|LEGO Studios Movie Making Contest|
|Start Date||Late 2000|
|End Date||March 31, 2001|
|Entries||More than 700|
The LEGO Studios Movie Making Contest was a brickfilming competition hosted by The LEGO Group to tie in with the launch of LEGO Studios. It began in late 2000, making it the earliest known brickfilming competition. It also ties in with a brickfilm category in a German film festival, and there was also a very little-known UK edition of the contest.
Another contest that tied in with LEGO Studios was the National Movie-Competition at Singapore Polytechnic. This contest did not tie in with the LEGO Studios Movie Making Contest, but its winners were available to view on the LEGO Studios website alongside the winners of the other LEGO Studios contests.
The contest was launched around November and December 2000, roughly coinciding with the launch of the LEGO Studios line. The deadline for submission was March 31, 2001. Entry forms were first distributed in shops. Entries were required to be submitted on VHS, CD-R/CD-RW or Zip Disk. The contest was open to residents of the US and Canada (excluding Quebec) aged between 8 and 18. More than 700 submissions were received.
Three semi-finalists were chosen in each of three age categories, 8-10, 11-13 and 14-18. These nine films were screened at the LEGO Studios Movie Making Award Ceremony, which took place in June 2001 in New York. Winners in each category were announced at this event. The three winners were then screened at the Backyard National Children's Film Festival in November 2001, where they were supposed to compete for the LEGO Studios Global Movie Making Award against "finalists from the rest of the world". However, the only additional films at the Backyard screening were two German films that won a LEGO Studios-sponsored category in a German youth film festival.
At least one other version of the LEGO Studios Movie Making Contest is known to have taken place in some form in the UK, though information on this is very scarce.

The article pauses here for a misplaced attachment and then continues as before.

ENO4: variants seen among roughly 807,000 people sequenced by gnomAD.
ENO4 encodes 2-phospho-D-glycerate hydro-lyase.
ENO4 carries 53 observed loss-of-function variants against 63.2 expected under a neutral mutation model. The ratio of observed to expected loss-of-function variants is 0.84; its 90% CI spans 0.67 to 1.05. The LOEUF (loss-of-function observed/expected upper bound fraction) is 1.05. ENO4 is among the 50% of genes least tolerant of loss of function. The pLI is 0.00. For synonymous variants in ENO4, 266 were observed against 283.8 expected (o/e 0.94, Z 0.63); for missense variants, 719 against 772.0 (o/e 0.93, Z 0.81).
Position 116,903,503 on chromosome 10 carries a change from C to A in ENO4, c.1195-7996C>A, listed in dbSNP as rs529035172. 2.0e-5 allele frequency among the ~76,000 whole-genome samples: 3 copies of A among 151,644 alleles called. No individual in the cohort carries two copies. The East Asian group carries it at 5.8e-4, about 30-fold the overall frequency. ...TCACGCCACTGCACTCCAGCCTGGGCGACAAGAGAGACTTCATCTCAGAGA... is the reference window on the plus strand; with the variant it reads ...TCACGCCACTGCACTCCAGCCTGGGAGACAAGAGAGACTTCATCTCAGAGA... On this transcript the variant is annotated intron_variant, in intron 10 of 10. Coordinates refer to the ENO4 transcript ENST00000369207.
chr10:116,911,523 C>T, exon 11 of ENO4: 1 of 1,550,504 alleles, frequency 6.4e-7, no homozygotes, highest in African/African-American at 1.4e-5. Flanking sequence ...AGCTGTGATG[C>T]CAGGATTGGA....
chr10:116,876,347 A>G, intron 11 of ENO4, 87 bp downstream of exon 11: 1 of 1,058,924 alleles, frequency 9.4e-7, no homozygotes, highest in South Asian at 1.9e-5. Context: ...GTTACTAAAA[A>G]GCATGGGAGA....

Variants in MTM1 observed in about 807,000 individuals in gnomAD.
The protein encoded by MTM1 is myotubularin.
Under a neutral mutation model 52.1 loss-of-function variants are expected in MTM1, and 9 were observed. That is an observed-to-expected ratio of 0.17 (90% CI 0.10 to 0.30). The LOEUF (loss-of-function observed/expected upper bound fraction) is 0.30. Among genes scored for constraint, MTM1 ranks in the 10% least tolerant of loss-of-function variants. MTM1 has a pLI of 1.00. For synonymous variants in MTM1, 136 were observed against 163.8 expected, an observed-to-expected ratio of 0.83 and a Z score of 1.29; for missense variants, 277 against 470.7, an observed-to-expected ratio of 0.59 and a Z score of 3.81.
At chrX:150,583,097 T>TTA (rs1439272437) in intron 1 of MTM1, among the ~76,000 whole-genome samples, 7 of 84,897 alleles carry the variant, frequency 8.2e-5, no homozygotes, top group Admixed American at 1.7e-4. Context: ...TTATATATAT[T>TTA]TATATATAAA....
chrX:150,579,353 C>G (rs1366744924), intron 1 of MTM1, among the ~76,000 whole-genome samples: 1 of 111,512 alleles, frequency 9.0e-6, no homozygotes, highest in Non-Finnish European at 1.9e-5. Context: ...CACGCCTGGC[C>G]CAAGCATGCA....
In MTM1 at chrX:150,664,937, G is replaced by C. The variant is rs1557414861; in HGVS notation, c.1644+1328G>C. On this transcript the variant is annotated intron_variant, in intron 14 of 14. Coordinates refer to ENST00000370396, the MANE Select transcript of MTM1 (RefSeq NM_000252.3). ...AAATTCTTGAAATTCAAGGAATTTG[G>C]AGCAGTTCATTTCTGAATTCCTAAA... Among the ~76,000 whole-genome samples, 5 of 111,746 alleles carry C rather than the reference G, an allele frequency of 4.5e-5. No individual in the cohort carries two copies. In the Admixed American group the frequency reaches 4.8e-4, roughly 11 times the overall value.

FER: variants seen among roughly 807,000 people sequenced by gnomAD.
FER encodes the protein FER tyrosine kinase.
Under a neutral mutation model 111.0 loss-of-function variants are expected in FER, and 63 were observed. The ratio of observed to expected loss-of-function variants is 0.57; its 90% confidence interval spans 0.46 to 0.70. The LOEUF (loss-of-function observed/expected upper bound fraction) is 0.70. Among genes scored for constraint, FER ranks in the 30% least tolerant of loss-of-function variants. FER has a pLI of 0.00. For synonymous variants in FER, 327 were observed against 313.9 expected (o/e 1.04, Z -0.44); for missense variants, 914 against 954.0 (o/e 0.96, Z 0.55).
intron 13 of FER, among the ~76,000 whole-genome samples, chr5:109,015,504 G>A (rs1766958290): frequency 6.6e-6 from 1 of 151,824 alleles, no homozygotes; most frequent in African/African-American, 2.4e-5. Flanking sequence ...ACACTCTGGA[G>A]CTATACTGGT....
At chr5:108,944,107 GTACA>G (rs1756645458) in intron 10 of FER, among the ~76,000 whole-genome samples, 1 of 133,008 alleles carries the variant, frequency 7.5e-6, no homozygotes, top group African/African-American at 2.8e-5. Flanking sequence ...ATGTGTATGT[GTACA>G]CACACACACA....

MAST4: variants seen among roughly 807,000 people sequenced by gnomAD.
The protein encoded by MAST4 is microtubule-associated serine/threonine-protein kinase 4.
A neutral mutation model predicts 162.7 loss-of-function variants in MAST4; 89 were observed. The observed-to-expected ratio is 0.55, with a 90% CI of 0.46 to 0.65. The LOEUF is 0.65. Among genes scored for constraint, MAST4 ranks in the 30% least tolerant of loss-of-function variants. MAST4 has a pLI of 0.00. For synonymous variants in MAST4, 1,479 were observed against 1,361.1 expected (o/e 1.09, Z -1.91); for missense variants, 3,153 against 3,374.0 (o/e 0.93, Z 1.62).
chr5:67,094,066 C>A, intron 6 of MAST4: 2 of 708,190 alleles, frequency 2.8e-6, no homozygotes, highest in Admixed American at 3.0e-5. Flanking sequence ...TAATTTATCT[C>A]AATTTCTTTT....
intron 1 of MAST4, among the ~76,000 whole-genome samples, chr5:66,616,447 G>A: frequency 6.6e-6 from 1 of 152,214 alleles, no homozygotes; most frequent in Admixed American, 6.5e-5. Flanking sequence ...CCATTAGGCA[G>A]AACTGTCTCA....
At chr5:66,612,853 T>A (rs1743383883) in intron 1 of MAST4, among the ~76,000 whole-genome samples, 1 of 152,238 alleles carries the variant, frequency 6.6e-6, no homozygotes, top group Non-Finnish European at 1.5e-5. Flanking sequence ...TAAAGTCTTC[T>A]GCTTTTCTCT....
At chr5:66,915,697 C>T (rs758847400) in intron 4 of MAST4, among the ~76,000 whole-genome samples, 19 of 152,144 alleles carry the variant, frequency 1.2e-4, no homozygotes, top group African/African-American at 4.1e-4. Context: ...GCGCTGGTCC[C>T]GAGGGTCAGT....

Judging and prizes Edit
Preliminary judging was handled by D.L. Blair, Inc. which selected 10 films in each age category. These films were then judged by LEGO Systems, Inc to determine the three semi-finalists in each category. The criteria used in these stages of the judging were original and imaginative story and presentation, weighted at 40%, technical execution (production, editing and audio), weighted at 30% and creative uses of LEGO elements, weighted at 30%.
Prizes were awarded to the winners of each age category. These included a trip to the Backyard National Children's Film Festival, where the winners would be screened, a tour of a major Hollywood film studio, an award constructed from LEGO bricks and the entire LEGO Studios 2001 product assortment. Additional prizes were to be awarded to the winners of the LEGO Studios Global Movie Making Award. These were a trip for four to a Hollywood movie premiere in 2002 and varying sums of money for each age category, $1000 for 8-10, $2000 for 11-13 and $5000 for 14-18.
Listed here are the winners of the main North American contest, along with the other semi-finalists in each age bracket.
The German youth film festival fast forward KINDER FILMen FESTIVAL 2001 included a category called LEGO Studios-Sonderpreises für den besten LEGO-Trickfilm ("LEGO Studios Special Prize for the Best LEGO Animated Film"). Two winners were listed; Die Zeit by Jens Müller and Der Weg ins Legoland by Kirsten Brandmayer. These films were added to the screening at the Backyard National Children's Film Festival in November 2001, both in the 11-13 age bracket. Der Weg ins Legoland was declared as the new winner of this category. The other two age categories were won by default, as the only films screened were the North American winners.
There are also two known winners of the UK version of the contest: TBC News by Sam Roelich in the 14-18 age category, and Heavenly Balls by Ben Roper and Richard Seaman in the 11-13 age category. These winners are the only known information of the UK contest. As they were the only two winners listed on the LEGO Studios website, it can be assumed that there was no 8-10 age bracket.
- ↑ Page from the November/December 2000 issue of LEGO Mania magazine, covering the contest
- ↑ 2.0 2.1 Page on the contest from the January/February 2001 issue of LEGO Mania magazine, containing detailed contest rules and entry form
- ↑ Article about the LEGO Studios Movie Making Award Ceremony
- ↑ Article about the Backyard Festival, mentioning the contest
- ↑ fast forward KINDER FILMen FESTIVAL 2001 mentioning LEGO Studios
- ↑ Where Does All the LEGO Go? LEGO Studios page
- ↑ The Globe and Mail news article about Eli and Joseph Cull's win
- ↑ Jungle Joe LEGO Studios page
- ↑ Planet LEGO Attacks!!! LEGO Studios page
- ↑ Al, Alien Hunter! LEGO Studios page
- ↑ Riddle of the Sphinx LEGO Studios page
- ↑ Western Trouble LEGO Studios page
- ↑ Adventures in LEGO Land LEGO Studios page
- ↑ Haunted LEGO Studios page
- ↑ Maximillion and Truth LEGO Studios page
- ↑ fast forward KINDER FILMen FESTIVAL 2001 winners
- ↑ Focus.de article about German brickfilms
- ↑ TBC News LEGO Studios page
- ↑ Heavenly Balls LEGO Studios page